"Amniotic fluid" eye drops aren't approved and could be harmful, the Food and Drug Administration warned.
The emerging field of "cancer chronotherapy" hints that it may be best to receive cancer treatment at a particular time of day.
A study suggests that Black patients might benefit from breast cancer screenings starting at age 42, rather than age 50.
Scientists have developed a new "shape-shifting" antibiotic to fight drug-resistant bacteria, but it hasn't been tested in humans yet.
Health officials have reported 19 confirmed cases and 74 probable cases of blastomycosis linked to a paper mill.
Aging cells undergo a mysterious process called "cryptic transcription," and scientists now think they know why.
A federal judge in Texas has ruled to suspend approval for the abortion pill mifepristone. Here's what you should know about the drug.
The World Health Organization's COVID-19 technical lead is calling for China to release all its data related to the pandemic's origins.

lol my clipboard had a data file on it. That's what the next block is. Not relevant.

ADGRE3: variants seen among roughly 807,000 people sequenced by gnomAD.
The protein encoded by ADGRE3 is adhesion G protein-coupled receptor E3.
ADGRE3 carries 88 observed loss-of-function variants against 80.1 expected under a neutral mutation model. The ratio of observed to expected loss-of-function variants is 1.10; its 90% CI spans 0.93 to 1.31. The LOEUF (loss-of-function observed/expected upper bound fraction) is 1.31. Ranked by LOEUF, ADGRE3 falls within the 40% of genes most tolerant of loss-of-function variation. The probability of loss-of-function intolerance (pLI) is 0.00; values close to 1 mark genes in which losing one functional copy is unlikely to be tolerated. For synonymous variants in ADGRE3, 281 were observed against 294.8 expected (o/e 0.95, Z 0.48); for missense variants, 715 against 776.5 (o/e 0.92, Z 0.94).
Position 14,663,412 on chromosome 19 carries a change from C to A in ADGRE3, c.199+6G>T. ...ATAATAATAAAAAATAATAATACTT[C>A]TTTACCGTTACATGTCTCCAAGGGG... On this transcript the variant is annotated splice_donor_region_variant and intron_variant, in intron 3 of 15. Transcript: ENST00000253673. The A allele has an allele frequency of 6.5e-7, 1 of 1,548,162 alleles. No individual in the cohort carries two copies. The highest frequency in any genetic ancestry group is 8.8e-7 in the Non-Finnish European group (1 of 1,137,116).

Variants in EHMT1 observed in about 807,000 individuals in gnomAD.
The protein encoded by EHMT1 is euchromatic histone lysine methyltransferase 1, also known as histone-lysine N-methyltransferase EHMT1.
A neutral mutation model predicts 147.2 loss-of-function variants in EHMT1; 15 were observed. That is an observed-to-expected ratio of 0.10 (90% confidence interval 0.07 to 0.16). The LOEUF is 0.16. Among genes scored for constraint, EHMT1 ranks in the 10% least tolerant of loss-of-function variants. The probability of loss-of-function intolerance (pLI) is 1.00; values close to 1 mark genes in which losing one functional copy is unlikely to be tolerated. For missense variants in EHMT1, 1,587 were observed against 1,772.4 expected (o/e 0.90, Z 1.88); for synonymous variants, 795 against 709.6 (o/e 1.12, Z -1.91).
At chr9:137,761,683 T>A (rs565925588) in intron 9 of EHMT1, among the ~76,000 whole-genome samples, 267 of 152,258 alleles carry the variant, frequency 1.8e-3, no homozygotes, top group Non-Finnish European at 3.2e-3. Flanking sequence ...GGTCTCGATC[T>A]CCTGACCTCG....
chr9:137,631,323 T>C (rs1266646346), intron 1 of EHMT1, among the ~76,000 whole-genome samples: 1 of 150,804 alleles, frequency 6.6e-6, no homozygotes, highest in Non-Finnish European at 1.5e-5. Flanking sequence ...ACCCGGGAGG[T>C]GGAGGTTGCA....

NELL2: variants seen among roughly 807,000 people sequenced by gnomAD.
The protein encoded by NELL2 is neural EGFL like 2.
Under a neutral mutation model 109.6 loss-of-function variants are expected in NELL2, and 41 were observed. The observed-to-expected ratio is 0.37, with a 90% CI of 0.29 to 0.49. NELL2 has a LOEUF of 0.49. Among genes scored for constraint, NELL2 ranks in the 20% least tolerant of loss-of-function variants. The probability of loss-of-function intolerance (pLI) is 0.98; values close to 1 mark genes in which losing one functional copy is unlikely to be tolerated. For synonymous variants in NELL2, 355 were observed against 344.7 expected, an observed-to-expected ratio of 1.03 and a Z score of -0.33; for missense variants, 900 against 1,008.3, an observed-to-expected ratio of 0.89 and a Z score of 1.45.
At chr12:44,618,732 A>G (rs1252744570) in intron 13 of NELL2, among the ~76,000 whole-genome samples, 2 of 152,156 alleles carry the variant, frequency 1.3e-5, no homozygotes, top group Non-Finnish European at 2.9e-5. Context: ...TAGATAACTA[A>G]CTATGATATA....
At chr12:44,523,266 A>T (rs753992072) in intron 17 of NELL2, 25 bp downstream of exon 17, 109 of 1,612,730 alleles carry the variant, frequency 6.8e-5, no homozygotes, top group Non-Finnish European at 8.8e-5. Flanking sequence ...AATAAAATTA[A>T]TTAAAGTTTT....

A study of tomato and tobacco plants suggests they emit ultrasonic popping sounds when dehydrated or physically damaged.
Researchers used the AI system AlphaFold to develop a tiny "syringe" that can inject proteins into cells.
Proteins found in tardigrades could be used to stabilize drugs that would otherwise need refrigeration.
A new study estimates that bacteria on meat may be responsible for a significant number of urinary tract infections in the U.S.
A new program will distribute 1 million free at-home HIV tests to U.S. residents and is collaborating with the dating app Grindr to promote the service.
Only a few people have been cured of HIV, but scientists are working to develop cures that could be accessible to more of those infected.
Newly-released genetic data suggests raccoon dogs carrying SARS-CoV-2 may have been at the Huanan Seafood Wholesale Market in late 2019.
A woman who received a stem cell transplant to treat her HIV is still virus-free more than five years after the procedure and 30 months after she stopped taking HIV medication.
A decades-long study finds that many prostate cancer patients can delay aggressive treatments and instead receive "active surveillance."